Alternative for Mineral Oil on Bread Boards

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I have made some bread boards out of hard wood & heard to preserve them you coat with Mineral oil. I cant find any locally & was hoping there is something else i can use?
 

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  • #3
Evo
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I have made some bread boards out of hard wood & heard to preserve them you coat with Mineral oil. I cant find any locally & was hoping there is something else i can use?
You can usually find it at the drugstore. Ask the Pharmacist.
 
  • #4
turbo
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Yes, drug stores carry food-grade mineral oil. The trim on our kitchen counters is raw cherry, and the surfaces are slate and limestone. We treat all those surfaces with food-grade mineral oil.
 
  • #5
Andy Resnick
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I have made some bread boards out of hard wood & heard to preserve them you coat with Mineral oil. I cant find any locally & was hoping there is something else i can use?
I agree with Evo- mineral oil is available at nearly every drugstore and grocery store in the US.
 
  • #6
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My local hardware store has "Butcher Block Oil" in the painting section. I've also seen it advertised as "salad bowl oil".
 
  • #7
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cool thanks for the replies
 
  • #9
Mineral oil does not dry, it stays on the surface of the wood, so you have to reapply it periodically -as Turbo noted.

Walnut oil is a drying oil. It will penetrate and then react with oxygen in the air over time to become permanently bound to the wood. There are a lot of other edible drying oils - safflower oil, poppy seed oil....

See
http://www.sanders-studios.com/instruction/tutorials/historyanddefinitions/dryingoils.html
Must be careful that those oils do not become rancid, mineral oil needs applicaiton, but is never rancid. I sometimes enjoy curing a butcher's block, or seasoning cast iron. It's a nice ritual, in a way.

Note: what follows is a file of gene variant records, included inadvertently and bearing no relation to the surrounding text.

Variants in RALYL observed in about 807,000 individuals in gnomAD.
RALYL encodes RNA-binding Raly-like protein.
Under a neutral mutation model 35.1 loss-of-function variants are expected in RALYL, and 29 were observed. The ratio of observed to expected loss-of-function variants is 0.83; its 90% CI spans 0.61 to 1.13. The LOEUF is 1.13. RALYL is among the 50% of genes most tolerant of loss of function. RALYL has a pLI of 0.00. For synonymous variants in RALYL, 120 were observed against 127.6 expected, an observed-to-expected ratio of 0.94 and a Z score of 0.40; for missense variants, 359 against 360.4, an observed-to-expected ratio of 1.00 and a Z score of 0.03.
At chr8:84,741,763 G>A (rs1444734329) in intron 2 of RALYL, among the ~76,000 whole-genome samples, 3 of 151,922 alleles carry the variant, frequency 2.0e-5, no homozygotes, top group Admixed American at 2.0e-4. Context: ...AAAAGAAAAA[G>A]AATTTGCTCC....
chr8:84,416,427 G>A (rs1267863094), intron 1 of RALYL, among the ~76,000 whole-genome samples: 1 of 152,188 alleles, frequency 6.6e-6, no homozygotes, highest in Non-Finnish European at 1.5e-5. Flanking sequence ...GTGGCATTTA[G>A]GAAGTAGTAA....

• #10
turbo
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Food-grade mineral oil is the stuff to use. It comes in at least a couple of different "weights". We normally use the heavy stuff, apply it with a cotton cloth, and wipe off the excess after letting it sit a bit. For the first application on a new cutting board, it might be a good idea to use the lighter formulation to get better penetration, then use the heavy stuff for follow-up.
 
  • #11
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Must be careful that those oils do not become rancid, mineral oil needs applicaiton, but is never rancid. I sometimes enjoy curing a butcher's block, or seasoning cast iron. It's a nice ritual, in a way.
yeah, don't use corn oil (rancid)
 
  • #12
Evo
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You might also be able to find mineral oil in a cookware store, but it will be needlessly overpriced.
 
  • #13
You might also be able to find mineral oil in a cookware store, but it will be needlessly overpriced.
I would think you would prefer EVOO. ;)
 
  • #14
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Found some, its also called baby oil.
 
  • #15
Chi Meson
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Found some, its also called baby oil.
Yes, that's correct. And it is also sometimes referred to as "light sweet crude oil." Which is the same stuff as "SAE 30," aka "Bar and Chain oil." Although it might be sold as "lamp oil" in your local craft store.

Just in case you didn't detect it...

NOOOOOOOOOOO!

Baby oil should not be used on a breadboard!
 
  • #16
Evo
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Found some, its also called baby oil.
Oh dear, baby oil contains mineral oil, but I'm not aware of any baby oil that contains nothing but pure food grade mineral oil. Where do you live?
 
  • #17
Oh dear, baby oil contains mineral oil, but I'm not aware of any baby oil that contains nothing but pure food grade mineral oil. Where do you live?
I hear that LSC makes is being marketed by BP as an alternative to baby oil and food grade mineral oil... for otters. :)
 
  • #18
turbo
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Oh dear, baby oil contains mineral oil, but I'm not aware of any baby oil that contains nothing but pure food grade mineral oil. Where do you live?
Most commercially-available baby oil contains fragrances, at a minimum. It's so easy to locate food-grade mineral oil, so why use something with extra ingredients?
 
  • #22
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Yea we call it baby oil in Aus, the chemist didn't know what mineral oil was.

So i just assumed it was the same as MI. Guess its too late as I coated the board with it.
 
  • #23
Yea we call it baby oil in Aus, the chemist didn't know what mineral oil was.

So i just assumed it was the same as MI. Guess its too late as I coated the board with it.
The words are interchangeable, if the baby oil had nothing but mineral oil in it, unlikely as that is. If not, it may cause a smell, but it won't hurt the wood, and in time your next curing will erase the error. If you're worried, I suggest a vigorous scrub with mineral oil and salt, then another curing.
 
  • #24
lisab
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I hear that LSC makes is being marketed by BP as an alternative to baby oil and food grade mineral oil... for otters. :)
:tongue2:...:cry:!
 

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